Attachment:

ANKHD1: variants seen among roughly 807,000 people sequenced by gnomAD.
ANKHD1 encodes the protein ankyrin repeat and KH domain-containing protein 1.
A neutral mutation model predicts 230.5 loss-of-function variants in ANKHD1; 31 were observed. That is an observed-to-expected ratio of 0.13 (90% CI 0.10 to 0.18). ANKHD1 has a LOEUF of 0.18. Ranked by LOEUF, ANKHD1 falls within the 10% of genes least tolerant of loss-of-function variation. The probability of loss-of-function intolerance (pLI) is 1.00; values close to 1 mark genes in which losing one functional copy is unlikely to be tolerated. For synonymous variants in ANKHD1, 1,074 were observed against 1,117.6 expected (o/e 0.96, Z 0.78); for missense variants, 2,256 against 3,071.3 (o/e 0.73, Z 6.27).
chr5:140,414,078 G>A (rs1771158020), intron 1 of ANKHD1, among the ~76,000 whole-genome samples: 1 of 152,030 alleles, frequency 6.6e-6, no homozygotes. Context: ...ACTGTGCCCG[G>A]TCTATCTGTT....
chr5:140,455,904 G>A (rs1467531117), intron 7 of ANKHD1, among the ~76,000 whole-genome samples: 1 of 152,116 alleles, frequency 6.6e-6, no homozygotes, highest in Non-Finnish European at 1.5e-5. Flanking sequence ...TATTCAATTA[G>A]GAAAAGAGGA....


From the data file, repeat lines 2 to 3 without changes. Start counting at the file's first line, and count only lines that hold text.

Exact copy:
ANKHD1 encodes the protein ankyrin repeat and KH domain-containing protein 1.
A neutral mutation model predicts 230.5 loss-of-function variants in ANKHD1; 31 were observed. That is an observed-to-expected ratio of 0.13 (90% CI 0.10 to 0.18). ANKHD1 has a LOEUF of 0.18. Ranked by LOEUF, ANKHD1 falls within the 10% of genes least tolerant of loss-of-function variation. The probability of loss-of-function intolerance (pLI) is 1.00; values close to 1 mark genes in which losing one functional copy is unlikely to be tolerated. For synonymous variants in ANKHD1, 1,074 were observed against 1,117.6 expected (o/e 0.96, Z 0.78); for missense variants, 2,256 against 3,071.3 (o/e 0.73, Z 6.27).